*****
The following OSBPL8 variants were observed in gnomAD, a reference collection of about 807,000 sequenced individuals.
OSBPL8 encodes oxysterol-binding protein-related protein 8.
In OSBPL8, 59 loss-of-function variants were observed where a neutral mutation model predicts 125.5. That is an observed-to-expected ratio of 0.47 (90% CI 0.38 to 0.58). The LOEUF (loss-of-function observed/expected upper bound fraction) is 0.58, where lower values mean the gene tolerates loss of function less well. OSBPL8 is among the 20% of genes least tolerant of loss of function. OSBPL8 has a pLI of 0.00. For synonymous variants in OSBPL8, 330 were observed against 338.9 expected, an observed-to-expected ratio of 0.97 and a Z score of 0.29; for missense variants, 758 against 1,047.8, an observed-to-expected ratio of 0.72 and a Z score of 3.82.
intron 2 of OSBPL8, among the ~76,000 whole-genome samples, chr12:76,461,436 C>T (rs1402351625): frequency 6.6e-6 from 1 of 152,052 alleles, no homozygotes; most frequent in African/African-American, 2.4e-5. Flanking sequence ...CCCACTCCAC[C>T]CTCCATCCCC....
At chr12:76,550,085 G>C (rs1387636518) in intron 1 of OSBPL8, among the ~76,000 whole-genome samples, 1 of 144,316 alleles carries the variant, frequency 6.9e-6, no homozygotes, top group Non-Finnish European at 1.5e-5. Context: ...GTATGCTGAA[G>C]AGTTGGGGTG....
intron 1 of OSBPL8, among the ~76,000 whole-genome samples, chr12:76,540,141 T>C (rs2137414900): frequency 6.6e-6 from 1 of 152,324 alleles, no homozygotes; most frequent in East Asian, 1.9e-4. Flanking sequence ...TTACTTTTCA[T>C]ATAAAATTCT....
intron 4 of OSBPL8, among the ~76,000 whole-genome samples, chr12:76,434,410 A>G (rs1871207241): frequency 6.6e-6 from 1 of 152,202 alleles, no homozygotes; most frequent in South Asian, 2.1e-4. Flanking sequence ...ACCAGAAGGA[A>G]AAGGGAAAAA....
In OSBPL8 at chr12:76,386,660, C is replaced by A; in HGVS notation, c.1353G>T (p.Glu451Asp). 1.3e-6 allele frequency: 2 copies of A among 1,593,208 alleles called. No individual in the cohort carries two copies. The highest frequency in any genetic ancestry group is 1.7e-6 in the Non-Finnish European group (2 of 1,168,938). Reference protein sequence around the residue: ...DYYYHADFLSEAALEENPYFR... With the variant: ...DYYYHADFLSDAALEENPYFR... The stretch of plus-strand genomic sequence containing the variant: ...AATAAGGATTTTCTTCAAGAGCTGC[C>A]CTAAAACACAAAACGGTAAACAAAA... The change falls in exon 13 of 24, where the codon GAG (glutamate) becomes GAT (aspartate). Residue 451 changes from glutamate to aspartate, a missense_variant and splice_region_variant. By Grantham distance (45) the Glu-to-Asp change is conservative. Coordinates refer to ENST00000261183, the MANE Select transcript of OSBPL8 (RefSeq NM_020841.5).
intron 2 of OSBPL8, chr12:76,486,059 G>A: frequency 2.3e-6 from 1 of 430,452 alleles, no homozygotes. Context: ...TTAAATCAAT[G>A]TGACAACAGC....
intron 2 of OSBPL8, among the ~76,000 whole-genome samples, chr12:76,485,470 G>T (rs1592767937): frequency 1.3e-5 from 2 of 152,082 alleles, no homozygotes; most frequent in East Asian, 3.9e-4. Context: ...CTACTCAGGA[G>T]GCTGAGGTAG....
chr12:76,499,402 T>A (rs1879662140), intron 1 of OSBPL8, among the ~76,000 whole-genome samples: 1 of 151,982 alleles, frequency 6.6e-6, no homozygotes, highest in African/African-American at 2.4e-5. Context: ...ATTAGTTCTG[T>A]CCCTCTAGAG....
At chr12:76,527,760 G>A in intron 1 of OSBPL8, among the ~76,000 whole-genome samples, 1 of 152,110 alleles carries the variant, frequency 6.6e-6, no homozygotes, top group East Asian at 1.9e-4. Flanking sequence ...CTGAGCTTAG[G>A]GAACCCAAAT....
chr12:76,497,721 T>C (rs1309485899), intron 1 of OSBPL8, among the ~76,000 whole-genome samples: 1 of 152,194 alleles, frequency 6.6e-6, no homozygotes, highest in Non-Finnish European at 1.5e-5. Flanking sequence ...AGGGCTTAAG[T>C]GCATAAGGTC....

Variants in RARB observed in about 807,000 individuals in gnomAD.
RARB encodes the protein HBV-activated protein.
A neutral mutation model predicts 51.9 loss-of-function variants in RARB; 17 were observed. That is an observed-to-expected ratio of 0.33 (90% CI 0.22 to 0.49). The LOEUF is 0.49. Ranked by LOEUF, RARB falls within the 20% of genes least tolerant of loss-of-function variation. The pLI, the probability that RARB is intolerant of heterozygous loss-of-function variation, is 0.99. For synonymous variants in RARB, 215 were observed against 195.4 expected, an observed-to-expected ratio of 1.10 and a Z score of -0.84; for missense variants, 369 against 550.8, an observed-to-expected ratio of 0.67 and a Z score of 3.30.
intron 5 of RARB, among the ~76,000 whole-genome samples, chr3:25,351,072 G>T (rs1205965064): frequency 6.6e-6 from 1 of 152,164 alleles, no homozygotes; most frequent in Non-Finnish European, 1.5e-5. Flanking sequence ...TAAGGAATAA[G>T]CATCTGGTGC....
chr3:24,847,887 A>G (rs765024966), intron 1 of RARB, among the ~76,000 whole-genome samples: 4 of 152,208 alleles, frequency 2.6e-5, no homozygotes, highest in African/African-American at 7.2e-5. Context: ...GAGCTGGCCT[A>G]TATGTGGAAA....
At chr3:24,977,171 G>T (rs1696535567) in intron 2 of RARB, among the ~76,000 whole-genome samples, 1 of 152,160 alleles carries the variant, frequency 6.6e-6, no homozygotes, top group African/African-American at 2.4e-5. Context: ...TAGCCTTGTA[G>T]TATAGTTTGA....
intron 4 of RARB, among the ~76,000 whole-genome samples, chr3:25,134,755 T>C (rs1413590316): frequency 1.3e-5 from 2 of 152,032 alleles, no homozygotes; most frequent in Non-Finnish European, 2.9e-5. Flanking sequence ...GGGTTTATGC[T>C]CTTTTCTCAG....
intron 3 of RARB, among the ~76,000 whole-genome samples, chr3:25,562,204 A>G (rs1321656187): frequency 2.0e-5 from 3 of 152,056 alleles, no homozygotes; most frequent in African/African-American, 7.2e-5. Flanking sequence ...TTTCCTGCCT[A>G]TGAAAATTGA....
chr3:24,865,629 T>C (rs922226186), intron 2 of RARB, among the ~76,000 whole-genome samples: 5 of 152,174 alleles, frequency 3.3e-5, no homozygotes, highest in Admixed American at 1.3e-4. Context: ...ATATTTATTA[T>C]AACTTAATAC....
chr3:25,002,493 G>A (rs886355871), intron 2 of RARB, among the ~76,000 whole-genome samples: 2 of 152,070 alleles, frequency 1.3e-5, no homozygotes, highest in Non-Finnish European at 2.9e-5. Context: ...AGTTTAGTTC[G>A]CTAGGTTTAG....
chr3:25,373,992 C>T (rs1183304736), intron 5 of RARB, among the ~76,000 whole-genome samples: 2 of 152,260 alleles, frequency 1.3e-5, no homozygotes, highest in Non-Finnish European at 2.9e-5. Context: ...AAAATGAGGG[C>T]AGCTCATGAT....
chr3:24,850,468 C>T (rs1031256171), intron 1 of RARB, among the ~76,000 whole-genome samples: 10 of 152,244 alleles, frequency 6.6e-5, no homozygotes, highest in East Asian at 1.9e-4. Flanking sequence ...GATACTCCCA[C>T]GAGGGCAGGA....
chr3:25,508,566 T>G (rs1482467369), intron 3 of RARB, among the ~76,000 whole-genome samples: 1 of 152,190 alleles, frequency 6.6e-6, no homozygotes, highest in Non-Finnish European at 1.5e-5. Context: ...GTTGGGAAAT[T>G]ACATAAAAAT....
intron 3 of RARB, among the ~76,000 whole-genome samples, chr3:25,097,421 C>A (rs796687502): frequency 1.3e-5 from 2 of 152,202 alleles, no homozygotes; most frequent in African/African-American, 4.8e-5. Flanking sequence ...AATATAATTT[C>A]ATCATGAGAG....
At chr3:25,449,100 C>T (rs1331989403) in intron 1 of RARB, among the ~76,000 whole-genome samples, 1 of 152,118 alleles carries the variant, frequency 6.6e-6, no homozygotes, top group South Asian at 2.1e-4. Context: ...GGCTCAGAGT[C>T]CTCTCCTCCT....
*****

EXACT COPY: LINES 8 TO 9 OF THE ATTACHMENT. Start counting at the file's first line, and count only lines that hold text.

In OSBPL8 at chr12:76,386,660, C is replaced by A; in HGVS notation, c.1353G>T (p.Glu451Asp). 1.3e-6 allele frequency: 2 copies of A among 1,593,208 alleles called. No individual in the cohort carries two copies. The highest frequency in any genetic ancestry group is 1.7e-6 in the Non-Finnish European group (2 of 1,168,938). Reference protein sequence around the residue: ...DYYYHADFLSEAALEENPYFR... With the variant: ...DYYYHADFLSDAALEENPYFR... The stretch of plus-strand genomic sequence containing the variant: ...AATAAGGATTTTCTTCAAGAGCTGC[C>A]CTAAAACACAAAACGGTAAACAAAA... The change falls in exon 13 of 24, where the codon GAG (glutamate) becomes GAT (aspartate). Residue 451 changes from glutamate to aspartate, a missense_variant and splice_region_variant. By Grantham distance (45) the Glu-to-Asp change is conservative. Coordinates refer to ENST00000261183, the MANE Select transcript of OSBPL8 (RefSeq NM_020841.5).
intron 2 of OSBPL8, chr12:76,486,059 G>A: frequency 2.3e-6 from 1 of 430,452 alleles, no homozygotes. Context: ...TTAAATCAAT[G>A]TGACAACAGC....